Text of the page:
Last Updated Apr 14, 2011 1:32 PM EDT
Six years ago I decided that knowing how to do taxes would help me broaden my financial advisory practice. After doing the math, however, I realized that for just three or four months of work, a tax preparer can make more than some financial advisers make in a year. I knew I wanted to get into this business.
It seemed like the easiest way to get started would be to buy into one of the established franchise models, so that I could hit the ground running with minimum startup hassle. The problem was, none of those established companies were looking for more franchisees in my area. So I decided to start Smart Tax from scratch.
I never intended to become a franchisor myself, but five years later that's what I had become.
Starting from scratch
I rented out a 500-square foot commercial space and launched Smart Tax in 2006. During the first year, I made all the classic mistakes. For instance, two months after I moved into my office the roof started leaking. I told the landlord it needed to be fixed, but he told me, "Read your lease. That's your problem." That's when I first learned that commercial leases are a heck of a lot different than residential leases. I had to pay $3,000 for a new roof.
That first year I completed 330 returns and brought in about $65,000 in revenue. It was enough to cover the expenses of setting up the business -- the construction costs, the equipment, rent payments. It left me with a profit of about $1, but I was encouraged enough to open two more locations. By 2008 the original office had reached $208,000 in revenue and friends and family were starting to ask me how they could get into the tax preparation business, too.
My model expands
There's a big difference between tax preparation and the business of tax preparation. Running a business involves dealing with compliance issues, building relationships with vendors and banks, developing marketing strategies, and setting up technology systems. All of that has to be in place before the doors open. That's why I thought buying into a franchise made sense. The franchise would take care of a lot of those hassles that I would otherwise have to manage.
That's exactly the advice I gave to people who wanted to get into my business: Go to the big franchises and avoid starting from the ground up like I did. But they encountered the same problem: The major franchises were all sold out. So I helped some of them get started on their own and then one thing led to another... and in 2010 I started franchising Smart Tax.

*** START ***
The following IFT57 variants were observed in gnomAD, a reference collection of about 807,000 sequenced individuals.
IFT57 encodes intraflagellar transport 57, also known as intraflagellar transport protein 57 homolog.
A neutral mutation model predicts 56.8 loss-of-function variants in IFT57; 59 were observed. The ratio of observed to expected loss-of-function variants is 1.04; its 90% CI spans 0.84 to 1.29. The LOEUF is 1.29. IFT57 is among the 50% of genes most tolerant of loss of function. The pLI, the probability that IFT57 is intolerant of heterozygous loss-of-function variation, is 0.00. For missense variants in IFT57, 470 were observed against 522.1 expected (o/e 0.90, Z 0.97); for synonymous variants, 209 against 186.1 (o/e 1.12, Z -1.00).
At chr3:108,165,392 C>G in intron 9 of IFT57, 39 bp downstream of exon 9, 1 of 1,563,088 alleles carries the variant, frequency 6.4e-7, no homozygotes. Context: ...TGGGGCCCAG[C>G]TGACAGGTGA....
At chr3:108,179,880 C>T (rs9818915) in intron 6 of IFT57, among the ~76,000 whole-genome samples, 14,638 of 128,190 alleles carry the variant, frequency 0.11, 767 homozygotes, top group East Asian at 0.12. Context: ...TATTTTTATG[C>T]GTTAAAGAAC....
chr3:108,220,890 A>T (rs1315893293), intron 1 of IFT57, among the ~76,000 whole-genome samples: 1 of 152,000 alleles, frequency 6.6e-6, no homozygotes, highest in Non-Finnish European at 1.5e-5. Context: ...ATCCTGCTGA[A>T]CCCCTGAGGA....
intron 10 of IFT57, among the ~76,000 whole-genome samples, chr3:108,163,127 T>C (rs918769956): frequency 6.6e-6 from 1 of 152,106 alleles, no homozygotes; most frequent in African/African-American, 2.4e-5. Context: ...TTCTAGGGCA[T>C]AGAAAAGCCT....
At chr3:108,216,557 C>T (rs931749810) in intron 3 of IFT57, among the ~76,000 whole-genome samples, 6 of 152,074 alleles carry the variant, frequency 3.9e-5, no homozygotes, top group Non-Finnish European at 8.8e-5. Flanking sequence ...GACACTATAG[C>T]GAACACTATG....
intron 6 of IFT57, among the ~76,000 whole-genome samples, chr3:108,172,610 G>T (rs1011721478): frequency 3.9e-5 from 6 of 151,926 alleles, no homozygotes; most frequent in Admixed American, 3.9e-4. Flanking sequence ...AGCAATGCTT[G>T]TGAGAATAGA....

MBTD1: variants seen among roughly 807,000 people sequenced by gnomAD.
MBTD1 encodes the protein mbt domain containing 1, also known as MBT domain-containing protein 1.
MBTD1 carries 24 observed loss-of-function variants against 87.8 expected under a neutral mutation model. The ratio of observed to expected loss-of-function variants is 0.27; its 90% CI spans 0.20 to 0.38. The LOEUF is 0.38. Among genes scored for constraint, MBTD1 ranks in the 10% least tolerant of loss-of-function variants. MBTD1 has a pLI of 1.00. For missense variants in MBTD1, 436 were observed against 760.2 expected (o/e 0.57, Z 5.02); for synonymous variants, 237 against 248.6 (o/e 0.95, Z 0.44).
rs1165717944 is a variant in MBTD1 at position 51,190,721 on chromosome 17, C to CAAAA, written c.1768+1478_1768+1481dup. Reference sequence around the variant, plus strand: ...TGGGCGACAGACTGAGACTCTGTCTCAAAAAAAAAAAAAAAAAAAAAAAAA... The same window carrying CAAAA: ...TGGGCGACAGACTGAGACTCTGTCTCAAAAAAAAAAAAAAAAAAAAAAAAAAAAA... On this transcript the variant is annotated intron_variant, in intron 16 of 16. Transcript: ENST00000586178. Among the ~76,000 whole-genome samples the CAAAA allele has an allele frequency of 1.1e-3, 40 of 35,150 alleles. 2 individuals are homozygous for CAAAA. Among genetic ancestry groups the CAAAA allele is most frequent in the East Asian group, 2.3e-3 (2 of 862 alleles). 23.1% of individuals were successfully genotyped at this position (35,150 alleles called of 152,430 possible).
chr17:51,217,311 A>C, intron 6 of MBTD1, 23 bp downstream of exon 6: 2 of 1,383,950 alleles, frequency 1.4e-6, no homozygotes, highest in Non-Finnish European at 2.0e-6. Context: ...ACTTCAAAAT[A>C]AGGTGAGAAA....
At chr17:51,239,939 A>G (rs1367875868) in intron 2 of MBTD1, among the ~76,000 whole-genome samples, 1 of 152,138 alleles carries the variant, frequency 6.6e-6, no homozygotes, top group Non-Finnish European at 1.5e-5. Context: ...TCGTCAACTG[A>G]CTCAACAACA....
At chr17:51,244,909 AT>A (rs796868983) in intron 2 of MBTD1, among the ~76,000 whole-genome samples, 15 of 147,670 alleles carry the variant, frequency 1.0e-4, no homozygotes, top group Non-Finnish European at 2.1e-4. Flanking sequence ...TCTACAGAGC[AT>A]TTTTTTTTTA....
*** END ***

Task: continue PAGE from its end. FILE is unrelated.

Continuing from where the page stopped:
Franchising has its own set of challenges. The people who want to open franchise locations are usually just like I was when I started Smart Tax -- they're not experienced business people and they don't have the skills and knowledge needed to run a tax preparation business. Sometimes they don't even know how to complete a tax return. I turn away some people either because they lack capital or because they just don't seem like a good fit for this business.
Franchising means changing
Instead of struggling to make my own business successful, I now spend most of my time helping franchisees learn from my mistakes. Once you become a franchiser, instead of selling chicken wings (or furniture, or whatever), you're teaching other people how to sell chicken wings. In my case, I used to do a few hundred tax returns a year myself, but now I may only do 50. That's a big change in my job.
Although I miss working closely with customers, now I enjoy working closely with franchisees and sharing their successes. Since we started franchising in 2010, Smart Tax has expanded throughout New York City, New Jersey, and Philadelphia, and we're planning to expand further. Last year company revenue was well over $1 million and this year we'll have 30 locations open for the tax season.
I'm glad I don't have to build a business from the ground up again, and I'm not sure I'd recommend my approach to anyone else if they can avoid it. Fortunately, in my case, being pushed to do so turned out for the best.
Nick Rizzi launched Smart Tax when he was 29 years old, using his life savings and a credit card.
-- As told to Zack Anchors